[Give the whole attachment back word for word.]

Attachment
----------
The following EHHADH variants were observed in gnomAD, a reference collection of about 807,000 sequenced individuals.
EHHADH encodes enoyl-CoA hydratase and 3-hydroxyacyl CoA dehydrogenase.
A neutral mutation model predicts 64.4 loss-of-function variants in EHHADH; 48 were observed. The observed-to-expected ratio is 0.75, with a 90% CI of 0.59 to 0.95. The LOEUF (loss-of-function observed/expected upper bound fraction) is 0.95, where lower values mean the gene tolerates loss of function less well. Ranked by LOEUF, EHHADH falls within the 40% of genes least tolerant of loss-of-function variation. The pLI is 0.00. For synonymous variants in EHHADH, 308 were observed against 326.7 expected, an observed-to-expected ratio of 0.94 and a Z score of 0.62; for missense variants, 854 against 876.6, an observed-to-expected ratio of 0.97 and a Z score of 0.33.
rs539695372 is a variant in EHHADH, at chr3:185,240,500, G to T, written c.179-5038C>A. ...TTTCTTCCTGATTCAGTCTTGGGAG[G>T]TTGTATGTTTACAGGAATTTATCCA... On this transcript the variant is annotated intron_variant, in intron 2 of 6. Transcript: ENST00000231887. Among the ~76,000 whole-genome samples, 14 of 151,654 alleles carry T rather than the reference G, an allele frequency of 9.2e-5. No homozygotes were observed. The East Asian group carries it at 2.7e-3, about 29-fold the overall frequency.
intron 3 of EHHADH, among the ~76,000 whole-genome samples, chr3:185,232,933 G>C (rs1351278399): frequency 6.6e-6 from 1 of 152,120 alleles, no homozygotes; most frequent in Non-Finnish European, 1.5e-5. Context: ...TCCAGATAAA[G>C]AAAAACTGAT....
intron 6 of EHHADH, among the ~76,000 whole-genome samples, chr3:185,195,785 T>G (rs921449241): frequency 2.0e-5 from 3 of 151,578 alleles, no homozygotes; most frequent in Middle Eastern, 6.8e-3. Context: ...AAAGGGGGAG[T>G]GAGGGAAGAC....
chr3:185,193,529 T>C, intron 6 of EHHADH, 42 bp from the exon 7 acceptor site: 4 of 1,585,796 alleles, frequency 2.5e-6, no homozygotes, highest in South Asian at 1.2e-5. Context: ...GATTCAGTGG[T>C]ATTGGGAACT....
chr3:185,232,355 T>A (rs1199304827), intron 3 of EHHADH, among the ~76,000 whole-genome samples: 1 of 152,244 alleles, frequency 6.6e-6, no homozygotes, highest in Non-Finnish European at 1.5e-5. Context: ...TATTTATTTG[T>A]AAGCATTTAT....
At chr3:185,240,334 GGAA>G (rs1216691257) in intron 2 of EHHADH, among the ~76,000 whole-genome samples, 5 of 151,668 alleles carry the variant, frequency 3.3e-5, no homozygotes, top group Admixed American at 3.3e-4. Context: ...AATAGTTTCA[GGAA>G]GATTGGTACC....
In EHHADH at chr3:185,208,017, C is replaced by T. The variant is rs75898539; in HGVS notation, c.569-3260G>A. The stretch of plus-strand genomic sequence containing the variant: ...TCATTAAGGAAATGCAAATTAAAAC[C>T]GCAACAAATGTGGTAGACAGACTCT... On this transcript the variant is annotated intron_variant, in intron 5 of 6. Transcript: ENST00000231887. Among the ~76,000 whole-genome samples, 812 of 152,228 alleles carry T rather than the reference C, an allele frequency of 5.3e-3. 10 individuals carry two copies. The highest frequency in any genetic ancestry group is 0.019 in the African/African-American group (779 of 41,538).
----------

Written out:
The following EHHADH variants were observed in gnomAD, a reference collection of about 807,000 sequenced individuals.
EHHADH encodes enoyl-CoA hydratase and 3-hydroxyacyl CoA dehydrogenase.
A neutral mutation model predicts 64.4 loss-of-function variants in EHHADH; 48 were observed. The observed-to-expected ratio is 0.75, with a 90% CI of 0.59 to 0.95. The LOEUF (loss-of-function observed/expected upper bound fraction) is 0.95, where lower values mean the gene tolerates loss of function less well. Ranked by LOEUF, EHHADH falls within the 40% of genes least tolerant of loss-of-function variation. The pLI is 0.00. For synonymous variants in EHHADH, 308 were observed against 326.7 expected, an observed-to-expected ratio of 0.94 and a Z score of 0.62; for missense variants, 854 against 876.6, an observed-to-expected ratio of 0.97 and a Z score of 0.33.
rs539695372 is a variant in EHHADH, at chr3:185,240,500, G to T, written c.179-5038C>A. ...TTTCTTCCTGATTCAGTCTTGGGAG[G>T]TTGTATGTTTACAGGAATTTATCCA... On this transcript the variant is annotated intron_variant, in intron 2 of 6. Transcript: ENST00000231887. Among the ~76,000 whole-genome samples, 14 of 151,654 alleles carry T rather than the reference G, an allele frequency of 9.2e-5. No homozygotes were observed. The East Asian group carries it at 2.7e-3, about 29-fold the overall frequency.
intron 3 of EHHADH, among the ~76,000 whole-genome samples, chr3:185,232,933 G>C (rs1351278399): frequency 6.6e-6 from 1 of 152,120 alleles, no homozygotes; most frequent in Non-Finnish European, 1.5e-5. Context: ...TCCAGATAAA[G>C]AAAAACTGAT....
intron 6 of EHHADH, among the ~76,000 whole-genome samples, chr3:185,195,785 T>G (rs921449241): frequency 2.0e-5 from 3 of 151,578 alleles, no homozygotes; most frequent in Middle Eastern, 6.8e-3. Context: ...AAAGGGGGAG[T>G]GAGGGAAGAC....
chr3:185,193,529 T>C, intron 6 of EHHADH, 42 bp from the exon 7 acceptor site: 4 of 1,585,796 alleles, frequency 2.5e-6, no homozygotes, highest in South Asian at 1.2e-5. Context: ...GATTCAGTGG[T>C]ATTGGGAACT....
chr3:185,232,355 T>A (rs1199304827), intron 3 of EHHADH, among the ~76,000 whole-genome samples: 1 of 152,244 alleles, frequency 6.6e-6, no homozygotes, highest in Non-Finnish European at 1.5e-5. Context: ...TATTTATTTG[T>A]AAGCATTTAT....
At chr3:185,240,334 GGAA>G (rs1216691257) in intron 2 of EHHADH, among the ~76,000 whole-genome samples, 5 of 151,668 alleles carry the variant, frequency 3.3e-5, no homozygotes, top group Admixed American at 3.3e-4. Context: ...AATAGTTTCA[GGAA>G]GATTGGTACC....
In EHHADH at chr3:185,208,017, C is replaced by T. The variant is rs75898539; in HGVS notation, c.569-3260G>A. The stretch of plus-strand genomic sequence containing the variant: ...TCATTAAGGAAATGCAAATTAAAAC[C>T]GCAACAAATGTGGTAGACAGACTCT... On this transcript the variant is annotated intron_variant, in intron 5 of 6. Transcript: ENST00000231887. Among the ~76,000 whole-genome samples, 812 of 152,228 alleles carry T rather than the reference C, an allele frequency of 5.3e-3. 10 individuals carry two copies. The highest frequency in any genetic ancestry group is 0.019 in the African/African-American group (779 of 41,538).